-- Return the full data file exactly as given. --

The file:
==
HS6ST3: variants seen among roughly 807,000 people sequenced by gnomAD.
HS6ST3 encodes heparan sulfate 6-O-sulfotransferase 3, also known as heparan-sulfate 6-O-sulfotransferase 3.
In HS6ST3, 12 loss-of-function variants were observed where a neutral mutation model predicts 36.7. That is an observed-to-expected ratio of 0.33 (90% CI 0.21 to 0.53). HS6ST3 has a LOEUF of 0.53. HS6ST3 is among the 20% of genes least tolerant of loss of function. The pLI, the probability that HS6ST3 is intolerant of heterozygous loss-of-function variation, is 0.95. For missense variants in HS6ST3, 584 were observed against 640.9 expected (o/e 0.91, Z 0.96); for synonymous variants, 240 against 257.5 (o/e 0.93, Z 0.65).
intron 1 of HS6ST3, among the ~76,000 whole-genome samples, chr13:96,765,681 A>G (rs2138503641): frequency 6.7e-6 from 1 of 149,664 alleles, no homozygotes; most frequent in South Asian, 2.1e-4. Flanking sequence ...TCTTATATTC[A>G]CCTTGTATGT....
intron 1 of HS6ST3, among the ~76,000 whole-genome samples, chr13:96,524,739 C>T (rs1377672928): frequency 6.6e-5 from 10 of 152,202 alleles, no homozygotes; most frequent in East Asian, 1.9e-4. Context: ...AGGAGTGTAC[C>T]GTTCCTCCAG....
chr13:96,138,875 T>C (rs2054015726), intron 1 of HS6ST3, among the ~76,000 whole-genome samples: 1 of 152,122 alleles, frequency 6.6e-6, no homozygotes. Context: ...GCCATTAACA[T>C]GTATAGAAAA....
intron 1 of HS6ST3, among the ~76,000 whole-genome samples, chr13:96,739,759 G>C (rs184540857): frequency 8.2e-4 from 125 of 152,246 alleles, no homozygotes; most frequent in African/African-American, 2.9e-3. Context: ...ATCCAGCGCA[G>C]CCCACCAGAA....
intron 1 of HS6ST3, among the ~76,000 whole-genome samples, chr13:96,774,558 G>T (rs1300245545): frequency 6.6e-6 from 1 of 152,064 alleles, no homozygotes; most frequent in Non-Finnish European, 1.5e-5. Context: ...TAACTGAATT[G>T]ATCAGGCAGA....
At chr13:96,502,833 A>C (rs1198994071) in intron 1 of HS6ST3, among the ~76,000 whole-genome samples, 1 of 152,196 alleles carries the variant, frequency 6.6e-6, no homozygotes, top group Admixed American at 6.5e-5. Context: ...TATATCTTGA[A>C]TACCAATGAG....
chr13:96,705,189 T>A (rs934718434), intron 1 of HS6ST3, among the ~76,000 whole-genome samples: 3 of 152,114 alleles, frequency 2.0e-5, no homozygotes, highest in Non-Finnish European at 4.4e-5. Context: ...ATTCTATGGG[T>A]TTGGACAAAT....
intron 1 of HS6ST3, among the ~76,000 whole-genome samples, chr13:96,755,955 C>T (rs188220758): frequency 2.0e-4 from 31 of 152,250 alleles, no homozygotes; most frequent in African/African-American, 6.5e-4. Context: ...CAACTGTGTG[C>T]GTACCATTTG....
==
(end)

HS6ST3: variants seen among roughly 807,000 people sequenced by gnomAD.
HS6ST3 encodes heparan sulfate 6-O-sulfotransferase 3, also known as heparan-sulfate 6-O-sulfotransferase 3.
In HS6ST3, 12 loss-of-function variants were observed where a neutral mutation model predicts 36.7. That is an observed-to-expected ratio of 0.33 (90% CI 0.21 to 0.53). HS6ST3 has a LOEUF of 0.53. HS6ST3 is among the 20% of genes least tolerant of loss of function. The pLI, the probability that HS6ST3 is intolerant of heterozygous loss-of-function variation, is 0.95. For missense variants in HS6ST3, 584 were observed against 640.9 expected (o/e 0.91, Z 0.96); for synonymous variants, 240 against 257.5 (o/e 0.93, Z 0.65).
intron 1 of HS6ST3, among the ~76,000 whole-genome samples, chr13:96,765,681 A>G (rs2138503641): frequency 6.7e-6 from 1 of 149,664 alleles, no homozygotes; most frequent in South Asian, 2.1e-4. Flanking sequence ...TCTTATATTC[A>G]CCTTGTATGT....
intron 1 of HS6ST3, among the ~76,000 whole-genome samples, chr13:96,524,739 C>T (rs1377672928): frequency 6.6e-5 from 10 of 152,202 alleles, no homozygotes; most frequent in East Asian, 1.9e-4. Context: ...AGGAGTGTAC[C>T]GTTCCTCCAG....
chr13:96,138,875 T>C (rs2054015726), intron 1 of HS6ST3, among the ~76,000 whole-genome samples: 1 of 152,122 alleles, frequency 6.6e-6, no homozygotes. Context: ...GCCATTAACA[T>C]GTATAGAAAA....
intron 1 of HS6ST3, among the ~76,000 whole-genome samples, chr13:96,739,759 G>C (rs184540857): frequency 8.2e-4 from 125 of 152,246 alleles, no homozygotes; most frequent in African/African-American, 2.9e-3. Context: ...ATCCAGCGCA[G>C]CCCACCAGAA....
intron 1 of HS6ST3, among the ~76,000 whole-genome samples, chr13:96,774,558 G>T (rs1300245545): frequency 6.6e-6 from 1 of 152,064 alleles, no homozygotes; most frequent in Non-Finnish European, 1.5e-5. Context: ...TAACTGAATT[G>T]ATCAGGCAGA....
At chr13:96,502,833 A>C (rs1198994071) in intron 1 of HS6ST3, among the ~76,000 whole-genome samples, 1 of 152,196 alleles carries the variant, frequency 6.6e-6, no homozygotes, top group Admixed American at 6.5e-5. Context: ...TATATCTTGA[A>C]TACCAATGAG....
chr13:96,705,189 T>A (rs934718434), intron 1 of HS6ST3, among the ~76,000 whole-genome samples: 3 of 152,114 alleles, frequency 2.0e-5, no homozygotes, highest in Non-Finnish European at 4.4e-5. Context: ...ATTCTATGGG[T>A]TTGGACAAAT....
intron 1 of HS6ST3, among the ~76,000 whole-genome samples, chr13:96,755,955 C>T (rs188220758): frequency 2.0e-4 from 31 of 152,250 alleles, no homozygotes; most frequent in African/African-American, 6.5e-4. Context: ...CAACTGTGTG[C>T]GTACCATTTG....